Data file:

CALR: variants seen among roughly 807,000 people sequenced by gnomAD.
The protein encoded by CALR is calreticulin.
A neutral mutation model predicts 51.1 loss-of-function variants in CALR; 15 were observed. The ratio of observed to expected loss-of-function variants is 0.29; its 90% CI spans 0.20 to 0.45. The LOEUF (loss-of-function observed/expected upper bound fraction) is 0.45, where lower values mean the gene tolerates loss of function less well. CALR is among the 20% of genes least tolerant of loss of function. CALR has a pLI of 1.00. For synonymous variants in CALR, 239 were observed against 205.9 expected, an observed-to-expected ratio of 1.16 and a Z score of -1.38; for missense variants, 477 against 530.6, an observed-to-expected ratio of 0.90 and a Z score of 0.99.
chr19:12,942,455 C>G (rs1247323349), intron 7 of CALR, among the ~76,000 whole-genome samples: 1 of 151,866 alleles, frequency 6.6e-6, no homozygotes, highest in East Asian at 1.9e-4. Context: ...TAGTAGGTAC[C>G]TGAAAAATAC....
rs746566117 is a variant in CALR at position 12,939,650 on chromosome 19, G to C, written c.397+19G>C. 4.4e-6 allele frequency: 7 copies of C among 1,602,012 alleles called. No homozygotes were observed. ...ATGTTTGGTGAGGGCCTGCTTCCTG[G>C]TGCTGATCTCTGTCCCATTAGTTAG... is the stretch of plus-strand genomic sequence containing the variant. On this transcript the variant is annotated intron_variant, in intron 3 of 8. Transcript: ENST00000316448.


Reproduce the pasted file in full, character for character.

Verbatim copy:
CALR: variants seen among roughly 807,000 people sequenced by gnomAD.
The protein encoded by CALR is calreticulin.
A neutral mutation model predicts 51.1 loss-of-function variants in CALR; 15 were observed. The ratio of observed to expected loss-of-function variants is 0.29; its 90% CI spans 0.20 to 0.45. The LOEUF (loss-of-function observed/expected upper bound fraction) is 0.45, where lower values mean the gene tolerates loss of function less well. CALR is among the 20% of genes least tolerant of loss of function. CALR has a pLI of 1.00. For synonymous variants in CALR, 239 were observed against 205.9 expected, an observed-to-expected ratio of 1.16 and a Z score of -1.38; for missense variants, 477 against 530.6, an observed-to-expected ratio of 0.90 and a Z score of 0.99.
chr19:12,942,455 C>G (rs1247323349), intron 7 of CALR, among the ~76,000 whole-genome samples: 1 of 151,866 alleles, frequency 6.6e-6, no homozygotes, highest in East Asian at 1.9e-4. Context: ...TAGTAGGTAC[C>G]TGAAAAATAC....
rs746566117 is a variant in CALR at position 12,939,650 on chromosome 19, G to C, written c.397+19G>C. 4.4e-6 allele frequency: 7 copies of C among 1,602,012 alleles called. No homozygotes were observed. ...ATGTTTGGTGAGGGCCTGCTTCCTG[G>C]TGCTGATCTCTGTCCCATTAGTTAG... is the stretch of plus-strand genomic sequence containing the variant. On this transcript the variant is annotated intron_variant, in intron 3 of 8. Transcript: ENST00000316448.